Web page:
Generating A Reliable Talent Pool for the Life Sciences Industry

Human Resource Managers are facing a problem of recruiting high-skilled medical professionals on a global level. Healthcare organisations have realised this problem and have devised ways of addressing it through innovative solutions supposed to improve the hiring process in the healthcare industry.

With reference to the Bureau of Labor Statistics in the US, new data announced that from 2016 to 2026, 2.4 million new jobs will be added to the healthcare industry. This is the result of mainly the ageing population within physicians which contributes to a greater demand for healthcare services around the world. The average age for health practitioners in the Life Science sector is 55 years old, hence, the need for future talent is in immediate demand.

However, the ongoing advancement within the healthcare sector has transformed the way the industry functions, hires and manages its employees making it more candidate-centric. Companies have also resorted to recruiting consultancy firms to cope with such advancements and help strategize ways to determine qualified candidates.

When hiring into the medical field, it is paramount to be aware of new and essential trends for finding highly qualified professionals. In previous years, there has often been an apparent mismatch between the growing technological advances and the expertise that workers presently acquire. Due to the ongoing changes in medical innovation, it is estimated that by 2020 approximately 850,000 jobs requiring digital skills will be created worldwide. Henceforth, companies should reinforce certain soft skills that correspond with such technological changes. For example, such abilities include communication, adaptability and empathy skills. This will enhance workers’ performance and compliment their hard skills, that is, skills acquired through education and repetition. Companies should also take the initiative to go a step further by providing regular training programmes to practice such skills.

Building a stronger company brand name would help attract talent as well. A recent survey of 240,000 students from several elite schools indicated that among a list of prominent business, only two companies from the Life Sciences industry were chosen as a possible suitor. Adjusting the image of companies within the healthcare sector by utilizing current forms of social media platforms is an effective way to break stereotype ideology. It is also useful for displaying relevant and productive work or activities that were done.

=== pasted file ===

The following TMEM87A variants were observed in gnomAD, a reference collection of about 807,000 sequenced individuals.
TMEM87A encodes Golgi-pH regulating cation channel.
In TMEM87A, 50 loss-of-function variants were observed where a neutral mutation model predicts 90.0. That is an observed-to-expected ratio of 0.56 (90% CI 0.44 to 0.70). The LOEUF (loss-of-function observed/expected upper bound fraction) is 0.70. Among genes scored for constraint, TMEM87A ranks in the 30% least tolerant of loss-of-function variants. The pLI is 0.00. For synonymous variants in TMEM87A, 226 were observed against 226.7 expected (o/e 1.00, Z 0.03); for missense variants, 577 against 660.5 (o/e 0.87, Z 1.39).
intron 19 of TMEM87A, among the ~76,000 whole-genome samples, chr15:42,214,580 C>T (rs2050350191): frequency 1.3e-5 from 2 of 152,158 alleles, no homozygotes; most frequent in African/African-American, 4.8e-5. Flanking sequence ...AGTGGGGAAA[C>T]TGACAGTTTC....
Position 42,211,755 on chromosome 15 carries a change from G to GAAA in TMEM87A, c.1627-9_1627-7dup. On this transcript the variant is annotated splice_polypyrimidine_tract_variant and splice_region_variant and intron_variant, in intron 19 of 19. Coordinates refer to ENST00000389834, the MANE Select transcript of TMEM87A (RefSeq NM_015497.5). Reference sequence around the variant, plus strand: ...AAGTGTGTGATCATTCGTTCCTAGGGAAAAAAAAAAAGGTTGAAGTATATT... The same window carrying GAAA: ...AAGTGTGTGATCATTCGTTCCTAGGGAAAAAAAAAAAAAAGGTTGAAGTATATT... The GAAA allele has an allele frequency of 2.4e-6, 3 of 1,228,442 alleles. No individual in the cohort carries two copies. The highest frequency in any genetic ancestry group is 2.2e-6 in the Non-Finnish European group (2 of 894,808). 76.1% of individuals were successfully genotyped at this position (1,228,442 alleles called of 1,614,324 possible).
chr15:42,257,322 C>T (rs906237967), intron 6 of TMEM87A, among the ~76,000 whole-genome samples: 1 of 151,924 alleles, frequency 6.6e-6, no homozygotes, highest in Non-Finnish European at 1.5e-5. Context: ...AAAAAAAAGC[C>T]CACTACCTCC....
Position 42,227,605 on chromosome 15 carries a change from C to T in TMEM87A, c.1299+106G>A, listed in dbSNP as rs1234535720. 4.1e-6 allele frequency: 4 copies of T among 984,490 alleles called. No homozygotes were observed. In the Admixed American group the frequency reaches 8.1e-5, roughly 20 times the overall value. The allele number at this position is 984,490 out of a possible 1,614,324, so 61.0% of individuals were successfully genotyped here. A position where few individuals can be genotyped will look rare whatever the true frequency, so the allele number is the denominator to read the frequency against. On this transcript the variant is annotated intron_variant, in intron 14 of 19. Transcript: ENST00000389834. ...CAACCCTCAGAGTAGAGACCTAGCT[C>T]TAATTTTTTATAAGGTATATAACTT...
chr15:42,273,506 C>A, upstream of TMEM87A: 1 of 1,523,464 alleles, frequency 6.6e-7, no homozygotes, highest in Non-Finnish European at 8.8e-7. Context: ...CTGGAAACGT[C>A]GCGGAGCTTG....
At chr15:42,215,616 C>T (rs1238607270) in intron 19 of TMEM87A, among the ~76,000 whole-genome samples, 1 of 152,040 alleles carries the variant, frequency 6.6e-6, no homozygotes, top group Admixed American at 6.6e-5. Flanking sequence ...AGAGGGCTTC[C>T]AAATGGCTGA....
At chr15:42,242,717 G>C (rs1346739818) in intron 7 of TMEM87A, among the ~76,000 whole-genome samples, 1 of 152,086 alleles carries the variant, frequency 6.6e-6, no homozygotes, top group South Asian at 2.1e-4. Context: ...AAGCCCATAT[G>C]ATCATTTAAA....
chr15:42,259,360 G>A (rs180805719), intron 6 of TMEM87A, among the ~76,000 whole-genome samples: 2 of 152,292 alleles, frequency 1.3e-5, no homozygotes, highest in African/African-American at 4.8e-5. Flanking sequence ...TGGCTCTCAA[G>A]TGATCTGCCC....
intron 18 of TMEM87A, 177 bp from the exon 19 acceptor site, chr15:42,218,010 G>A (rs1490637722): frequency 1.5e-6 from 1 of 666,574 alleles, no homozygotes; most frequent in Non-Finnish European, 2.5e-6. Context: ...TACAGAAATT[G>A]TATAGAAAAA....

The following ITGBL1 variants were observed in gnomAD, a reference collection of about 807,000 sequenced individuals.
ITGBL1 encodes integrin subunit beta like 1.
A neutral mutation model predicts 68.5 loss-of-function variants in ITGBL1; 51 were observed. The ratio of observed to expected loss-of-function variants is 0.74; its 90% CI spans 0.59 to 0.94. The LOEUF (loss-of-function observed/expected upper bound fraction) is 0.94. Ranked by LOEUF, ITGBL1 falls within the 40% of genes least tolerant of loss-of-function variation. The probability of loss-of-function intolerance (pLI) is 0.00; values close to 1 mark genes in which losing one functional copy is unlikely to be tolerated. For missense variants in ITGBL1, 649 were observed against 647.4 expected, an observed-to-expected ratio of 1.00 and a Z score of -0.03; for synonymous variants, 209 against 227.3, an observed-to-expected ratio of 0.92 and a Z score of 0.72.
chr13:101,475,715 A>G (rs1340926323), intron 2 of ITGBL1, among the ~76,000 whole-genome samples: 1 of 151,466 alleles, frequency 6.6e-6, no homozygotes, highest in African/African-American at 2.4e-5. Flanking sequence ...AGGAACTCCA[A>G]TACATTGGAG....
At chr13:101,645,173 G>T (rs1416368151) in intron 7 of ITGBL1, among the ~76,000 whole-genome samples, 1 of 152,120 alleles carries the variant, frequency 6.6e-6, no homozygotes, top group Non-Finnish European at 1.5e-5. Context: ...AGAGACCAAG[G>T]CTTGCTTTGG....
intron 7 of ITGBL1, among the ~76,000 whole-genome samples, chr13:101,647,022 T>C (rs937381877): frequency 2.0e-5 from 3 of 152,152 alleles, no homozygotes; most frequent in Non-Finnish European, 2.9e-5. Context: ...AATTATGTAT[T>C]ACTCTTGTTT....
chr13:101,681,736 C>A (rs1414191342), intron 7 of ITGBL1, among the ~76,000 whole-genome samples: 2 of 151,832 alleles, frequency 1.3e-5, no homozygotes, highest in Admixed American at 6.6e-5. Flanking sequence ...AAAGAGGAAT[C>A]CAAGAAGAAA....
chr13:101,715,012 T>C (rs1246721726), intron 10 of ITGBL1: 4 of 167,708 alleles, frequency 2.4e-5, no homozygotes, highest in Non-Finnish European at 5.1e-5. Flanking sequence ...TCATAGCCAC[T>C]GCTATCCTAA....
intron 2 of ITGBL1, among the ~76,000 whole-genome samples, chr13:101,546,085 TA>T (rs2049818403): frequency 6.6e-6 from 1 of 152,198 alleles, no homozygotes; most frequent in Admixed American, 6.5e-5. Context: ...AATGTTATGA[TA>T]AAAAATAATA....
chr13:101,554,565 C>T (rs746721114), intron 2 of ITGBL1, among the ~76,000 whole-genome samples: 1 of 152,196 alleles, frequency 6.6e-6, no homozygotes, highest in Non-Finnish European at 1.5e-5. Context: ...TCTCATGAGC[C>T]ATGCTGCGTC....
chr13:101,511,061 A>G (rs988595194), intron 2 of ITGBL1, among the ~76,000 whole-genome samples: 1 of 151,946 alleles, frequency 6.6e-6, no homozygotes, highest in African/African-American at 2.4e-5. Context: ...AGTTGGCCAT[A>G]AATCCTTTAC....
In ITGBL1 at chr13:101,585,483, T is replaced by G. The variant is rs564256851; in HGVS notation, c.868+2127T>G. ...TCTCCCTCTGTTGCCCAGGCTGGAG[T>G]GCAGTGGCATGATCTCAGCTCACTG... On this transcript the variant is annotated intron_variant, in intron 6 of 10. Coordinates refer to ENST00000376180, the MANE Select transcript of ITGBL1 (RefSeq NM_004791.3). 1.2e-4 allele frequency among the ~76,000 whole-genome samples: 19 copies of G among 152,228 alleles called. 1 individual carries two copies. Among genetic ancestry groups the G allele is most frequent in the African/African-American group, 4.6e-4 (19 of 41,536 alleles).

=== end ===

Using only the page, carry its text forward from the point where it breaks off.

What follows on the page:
Recruitment firms can further assist companies in the healthcare sector with generating a reliable talent pool with passive and active candidates. Doing so can promote candidate engagement and relationships, which are ideal when it comes to tackling hard-to-fill positions. To add further to that point, there is the possibility of recruitment outside the medical field. For example, although the advancement in robot-assisted surgery is still in its infancy stage, the demand for such technology is needed. This will, in turn, increase the urgency to recruit qualified workforce in the research and development field such as hardware and software developers, electrical engineers and even roboticists. For similar reasons, the Institute of Physics and Engineering in Medicine (IPEM) in the UK, for example, created a workforce intelligence unit in 2013 to collect high-quality workforce data to ensure precise decision-making when it comes to recruitment, training and staffing inside and outside the medical field.

Ultimately, in the years to come managers within the medical industry will have to address skills shortages with an effective system for recruiting. Such solutions can generate a positive impact on the talent acquisition process, creating an ease when it comes to hiring and recruiting.

References:

  1. The Importance of Soft Skills in the Healthcare Profession, iCIMS
  2. Recruiting and Hiring in Healthcare Industry: Challenges and How-to’s, August 2017, Talentlyft
  3. Healthcare Job growth outpaced nearly every other sector in 2018, January 2019, HealthleadersMedia
  4. Talent Acquisition Professionals: Technology Is Changing Your Job—And That’s a Good Thing, September 2018, Cornerstone OnDemand 
  5. Robot-Assisted Surgery: Why It’s Growing Fast & It’s Impact on Hiring. December 2018, Healthcare Recruiters International
  6. Workforce Intelligence Unit. IPEM
  7. Building The Talent of The Future – EY